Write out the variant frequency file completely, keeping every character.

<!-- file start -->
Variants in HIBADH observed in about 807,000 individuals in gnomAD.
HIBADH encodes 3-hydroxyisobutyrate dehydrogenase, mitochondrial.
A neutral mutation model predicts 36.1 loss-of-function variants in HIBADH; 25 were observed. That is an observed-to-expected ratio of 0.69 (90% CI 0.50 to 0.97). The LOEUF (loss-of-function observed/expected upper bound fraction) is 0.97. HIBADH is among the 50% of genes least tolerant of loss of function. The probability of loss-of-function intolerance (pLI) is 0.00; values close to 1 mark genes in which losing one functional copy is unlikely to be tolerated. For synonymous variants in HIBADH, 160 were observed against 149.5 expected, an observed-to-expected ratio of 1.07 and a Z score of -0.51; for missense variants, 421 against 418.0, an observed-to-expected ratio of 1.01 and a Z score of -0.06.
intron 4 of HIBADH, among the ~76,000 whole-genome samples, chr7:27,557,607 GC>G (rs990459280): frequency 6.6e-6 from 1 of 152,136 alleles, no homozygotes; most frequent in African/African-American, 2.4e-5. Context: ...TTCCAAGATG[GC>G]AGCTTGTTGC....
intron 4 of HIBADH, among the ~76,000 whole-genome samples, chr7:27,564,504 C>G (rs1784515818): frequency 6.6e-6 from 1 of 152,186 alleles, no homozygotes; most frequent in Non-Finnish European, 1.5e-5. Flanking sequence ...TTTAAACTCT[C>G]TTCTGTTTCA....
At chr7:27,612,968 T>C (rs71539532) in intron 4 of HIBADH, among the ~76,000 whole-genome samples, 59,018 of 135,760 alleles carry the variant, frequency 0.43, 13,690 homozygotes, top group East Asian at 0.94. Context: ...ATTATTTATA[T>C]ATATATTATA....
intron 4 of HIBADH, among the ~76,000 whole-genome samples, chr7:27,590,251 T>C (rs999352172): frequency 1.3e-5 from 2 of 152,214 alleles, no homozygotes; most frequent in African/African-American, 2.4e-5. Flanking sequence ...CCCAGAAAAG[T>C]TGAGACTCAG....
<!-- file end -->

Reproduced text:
Variants in HIBADH observed in about 807,000 individuals in gnomAD.
HIBADH encodes 3-hydroxyisobutyrate dehydrogenase, mitochondrial.
A neutral mutation model predicts 36.1 loss-of-function variants in HIBADH; 25 were observed. That is an observed-to-expected ratio of 0.69 (90% CI 0.50 to 0.97). The LOEUF (loss-of-function observed/expected upper bound fraction) is 0.97. HIBADH is among the 50% of genes least tolerant of loss of function. The probability of loss-of-function intolerance (pLI) is 0.00; values close to 1 mark genes in which losing one functional copy is unlikely to be tolerated. For synonymous variants in HIBADH, 160 were observed against 149.5 expected, an observed-to-expected ratio of 1.07 and a Z score of -0.51; for missense variants, 421 against 418.0, an observed-to-expected ratio of 1.01 and a Z score of -0.06.
intron 4 of HIBADH, among the ~76,000 whole-genome samples, chr7:27,557,607 GC>G (rs990459280): frequency 6.6e-6 from 1 of 152,136 alleles, no homozygotes; most frequent in African/African-American, 2.4e-5. Context: ...TTCCAAGATG[GC>G]AGCTTGTTGC....
intron 4 of HIBADH, among the ~76,000 whole-genome samples, chr7:27,564,504 C>G (rs1784515818): frequency 6.6e-6 from 1 of 152,186 alleles, no homozygotes; most frequent in Non-Finnish European, 1.5e-5. Flanking sequence ...TTTAAACTCT[C>G]TTCTGTTTCA....
At chr7:27,612,968 T>C (rs71539532) in intron 4 of HIBADH, among the ~76,000 whole-genome samples, 59,018 of 135,760 alleles carry the variant, frequency 0.43, 13,690 homozygotes, top group East Asian at 0.94. Context: ...ATTATTTATA[T>C]ATATATTATA....
intron 4 of HIBADH, among the ~76,000 whole-genome samples, chr7:27,590,251 T>C (rs999352172): frequency 1.3e-5 from 2 of 152,214 alleles, no homozygotes; most frequent in African/African-American, 2.4e-5. Flanking sequence ...CCCAGAAAAG[T>C]TGAGACTCAG....